I wrote a blurb for This World Bites. Actually, as it was pointed out to me, I wrote a list of events, not a blurb. In other words, it sucked. But the girls in my facebook writing group set me straight and gave me some very helpful feedback, such as definitions.
I’d always thought a query was a synopsis, a synopsis was a jacket cover copy, and a blurb was… well okay, so that doesn’t have a good definition. I thought I’d never have to write a query, what with my grand scheme of self-publishing. But my facebook cohort said: “A query entices the agent/editor to read the book and a well-written one could actually become the blurb of the book once it’s published.”
Huh. Well, drats.
As a result, she pointed me to Query Shark and I’ve done some analysis, comparing what I thought was a decently good “blurb” for Thanmir War to all the blunt, honest feedback found on the site.
Here’s the common topics I’ve noticed:
- Don’t generalize.
- Don’t say “I look forward to hearing from you soon”. Say “Thank you for your time and consideration”.
- Don’t be descriptive.
- Don’t use metaphors.
- Don’t brag about your accomplishments unless it’s relevant. Don’t mention contests.
- Your credentials don’t matter.
- Stating why you wrote the book is unnecessary (unless it’s a memoir).
- A series of events is not a plot.
- Give an idea of plot, sense of characters, and the stakes.
- Less is more.
- Make sure your query is logical.
- The query doesn’t have to start at the beginning of the story.
- Use plain, simple, elegant writing. Subject, verb, clause.
- Voice matters!
- Writing a query in character is gimmicky.
- Research who you are addressing.
- Avoid character and location soup.
- Don’t send blocks of text.
- It’d better be complete, so saying it’s complete is unnecessary.
- *cough* High word counts result in rejection.
After reading all (yes, all) of the feedback listed on the blog, I looked again at my Thanmir War blurb.
Derek thinks his chronic headaches are the worst of his problems. He’s wrong.
He wakes up on an unknown world, surrounded by dead men he has no memory of killing. Now his only way home is a missing amnesic woman who isn’t fully human. Misconceptions about her disappearance spawn further complications as two armies converge in a war between provinces, fueled by the manipulations of a vindictive full-blood elemental who wants her power back.
Derek finds himself mixed up with mercenaries and guardians and a murderous alter ego possessing his body. He wants nothing more than to return to the life and family he loves. But will he change his mind when the woman who has haunted his dreams appears in the flesh?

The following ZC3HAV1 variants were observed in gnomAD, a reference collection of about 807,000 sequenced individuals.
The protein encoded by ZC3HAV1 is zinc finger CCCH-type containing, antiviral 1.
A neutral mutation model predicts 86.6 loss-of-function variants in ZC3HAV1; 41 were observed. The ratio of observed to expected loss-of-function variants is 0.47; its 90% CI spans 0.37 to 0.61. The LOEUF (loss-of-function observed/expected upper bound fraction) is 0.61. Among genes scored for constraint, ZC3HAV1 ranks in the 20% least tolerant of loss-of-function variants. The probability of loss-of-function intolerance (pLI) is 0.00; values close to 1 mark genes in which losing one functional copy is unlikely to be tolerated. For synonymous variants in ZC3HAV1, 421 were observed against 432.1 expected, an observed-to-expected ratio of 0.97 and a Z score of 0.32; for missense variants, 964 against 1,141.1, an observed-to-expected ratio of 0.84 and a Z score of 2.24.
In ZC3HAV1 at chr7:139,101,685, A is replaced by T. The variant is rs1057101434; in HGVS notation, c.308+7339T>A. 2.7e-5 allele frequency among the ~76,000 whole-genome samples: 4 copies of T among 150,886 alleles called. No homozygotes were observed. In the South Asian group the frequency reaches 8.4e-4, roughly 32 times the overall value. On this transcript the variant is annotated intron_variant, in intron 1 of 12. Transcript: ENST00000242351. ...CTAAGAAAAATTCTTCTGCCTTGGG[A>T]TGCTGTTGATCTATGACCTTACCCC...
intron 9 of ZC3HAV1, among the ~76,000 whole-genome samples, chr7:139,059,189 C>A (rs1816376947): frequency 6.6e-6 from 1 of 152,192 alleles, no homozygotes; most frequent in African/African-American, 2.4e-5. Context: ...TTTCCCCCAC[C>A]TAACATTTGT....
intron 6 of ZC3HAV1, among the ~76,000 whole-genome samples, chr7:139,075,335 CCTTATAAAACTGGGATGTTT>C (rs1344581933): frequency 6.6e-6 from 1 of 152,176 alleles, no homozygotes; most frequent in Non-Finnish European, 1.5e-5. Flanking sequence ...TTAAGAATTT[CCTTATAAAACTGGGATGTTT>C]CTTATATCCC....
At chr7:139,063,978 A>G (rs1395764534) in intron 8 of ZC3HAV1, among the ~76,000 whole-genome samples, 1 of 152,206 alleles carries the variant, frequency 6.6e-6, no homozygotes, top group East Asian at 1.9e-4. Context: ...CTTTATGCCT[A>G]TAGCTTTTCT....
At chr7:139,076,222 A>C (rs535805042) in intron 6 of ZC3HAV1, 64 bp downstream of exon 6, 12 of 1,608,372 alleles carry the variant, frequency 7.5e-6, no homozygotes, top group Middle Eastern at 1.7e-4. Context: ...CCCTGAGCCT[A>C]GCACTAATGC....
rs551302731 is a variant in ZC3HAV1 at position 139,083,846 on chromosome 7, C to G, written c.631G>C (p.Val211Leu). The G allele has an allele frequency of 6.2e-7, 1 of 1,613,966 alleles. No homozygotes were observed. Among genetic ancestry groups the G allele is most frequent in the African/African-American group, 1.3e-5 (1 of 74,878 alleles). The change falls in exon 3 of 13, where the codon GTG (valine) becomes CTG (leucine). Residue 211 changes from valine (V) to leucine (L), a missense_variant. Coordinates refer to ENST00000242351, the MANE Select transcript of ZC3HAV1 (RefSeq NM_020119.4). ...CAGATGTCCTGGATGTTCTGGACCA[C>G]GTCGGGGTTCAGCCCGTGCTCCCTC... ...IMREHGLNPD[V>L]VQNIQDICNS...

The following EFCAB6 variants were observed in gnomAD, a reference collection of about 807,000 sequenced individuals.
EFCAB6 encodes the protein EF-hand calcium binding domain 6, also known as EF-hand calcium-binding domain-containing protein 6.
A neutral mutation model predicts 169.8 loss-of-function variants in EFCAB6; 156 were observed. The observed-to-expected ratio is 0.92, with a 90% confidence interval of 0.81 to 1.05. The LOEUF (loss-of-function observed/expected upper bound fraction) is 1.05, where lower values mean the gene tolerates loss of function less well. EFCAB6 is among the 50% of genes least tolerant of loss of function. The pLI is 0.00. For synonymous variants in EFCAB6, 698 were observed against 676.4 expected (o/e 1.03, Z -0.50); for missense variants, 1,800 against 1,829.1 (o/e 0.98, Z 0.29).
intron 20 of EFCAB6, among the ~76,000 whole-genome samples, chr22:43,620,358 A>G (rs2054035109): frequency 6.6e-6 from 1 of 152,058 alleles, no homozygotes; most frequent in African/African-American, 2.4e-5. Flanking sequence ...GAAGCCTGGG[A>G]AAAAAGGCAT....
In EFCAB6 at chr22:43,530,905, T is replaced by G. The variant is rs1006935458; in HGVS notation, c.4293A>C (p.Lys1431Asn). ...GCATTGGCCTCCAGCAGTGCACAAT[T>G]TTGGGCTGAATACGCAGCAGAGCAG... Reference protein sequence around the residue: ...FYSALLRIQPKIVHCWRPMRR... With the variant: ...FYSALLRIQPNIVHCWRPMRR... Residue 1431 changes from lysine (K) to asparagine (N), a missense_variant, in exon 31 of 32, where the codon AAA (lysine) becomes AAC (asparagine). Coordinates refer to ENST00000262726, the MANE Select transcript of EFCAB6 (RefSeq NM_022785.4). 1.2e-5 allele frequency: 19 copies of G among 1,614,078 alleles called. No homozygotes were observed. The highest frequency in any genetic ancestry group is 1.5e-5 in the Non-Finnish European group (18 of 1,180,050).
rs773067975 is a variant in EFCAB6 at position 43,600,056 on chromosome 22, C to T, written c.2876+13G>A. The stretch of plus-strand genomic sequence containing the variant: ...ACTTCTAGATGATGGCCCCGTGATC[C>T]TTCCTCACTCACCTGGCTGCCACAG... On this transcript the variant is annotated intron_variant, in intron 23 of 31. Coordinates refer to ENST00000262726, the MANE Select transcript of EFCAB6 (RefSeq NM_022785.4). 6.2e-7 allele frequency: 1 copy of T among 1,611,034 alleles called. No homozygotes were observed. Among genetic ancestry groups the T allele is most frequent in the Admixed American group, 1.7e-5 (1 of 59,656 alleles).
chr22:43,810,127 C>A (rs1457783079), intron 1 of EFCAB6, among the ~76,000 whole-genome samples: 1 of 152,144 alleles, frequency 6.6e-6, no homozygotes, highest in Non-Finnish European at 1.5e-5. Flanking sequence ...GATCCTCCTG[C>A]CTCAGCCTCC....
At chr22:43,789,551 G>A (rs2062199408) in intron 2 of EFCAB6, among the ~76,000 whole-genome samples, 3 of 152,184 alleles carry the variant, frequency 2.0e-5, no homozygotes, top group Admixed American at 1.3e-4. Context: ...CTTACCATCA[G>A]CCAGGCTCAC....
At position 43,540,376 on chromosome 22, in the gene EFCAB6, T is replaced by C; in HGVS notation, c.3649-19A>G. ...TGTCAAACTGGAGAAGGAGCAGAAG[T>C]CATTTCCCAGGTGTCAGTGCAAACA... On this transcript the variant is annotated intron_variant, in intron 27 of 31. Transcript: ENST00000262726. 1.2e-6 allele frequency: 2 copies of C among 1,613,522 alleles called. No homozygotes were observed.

Ouch. Generalizations. Nothing about plot.
I’ve modified it to this:
Derek is cursed. He’s been plagued with chronic headaches since childhood and every time he starts getting intimate with a woman, accidents happen. But a life of forced abstinence isn’t the worst of his problems.
He wakes up on an unknown world, surrounded by dead men he has no memory of killing. His only way back to his semi-normal life and family is MaTisha, an amnesic woman who isn’t fully human.
But going home isn’t as easy as he had hoped, not when MaTisha is sought by two opposing armies who are waging a war. To top that, Derek discovers he has a murderous alter ego with a personal mission to keep her safe.
And the alter ego has no plans on leaving her side.
In my opinion, it’s better, but of course I wrote it. But it leaves a whole lot of the story out and certainly doesn’t read like it warrants 173K. It doesn’t cover any of the subplots. And Query Shark will “reject” it based solely on word count anyways.
To indicate there are subplots, I thought I might add:
Thanmir War, 173,000 words, is a fantasy told from the point-of-views of Derek, MaTisha, a ruler’s twin brother, and a unit commander of the opposing army.
It sounds clunky, but at least it’d indicate that there’s more to the story than just Derek and his alter ego.
4 thoughts on “Query Shark Analysis”
Ah the query. The bane of all writers. I tend to find it takes me to, at least, version six (and much help) to even begin getting it right.
It doesn’t need to cover subplots and, usually, those are mentioned in a synopsis. The query I have for The Rogue King doesn’t even mention Kael until the end, and he takes up more of the story than his mother.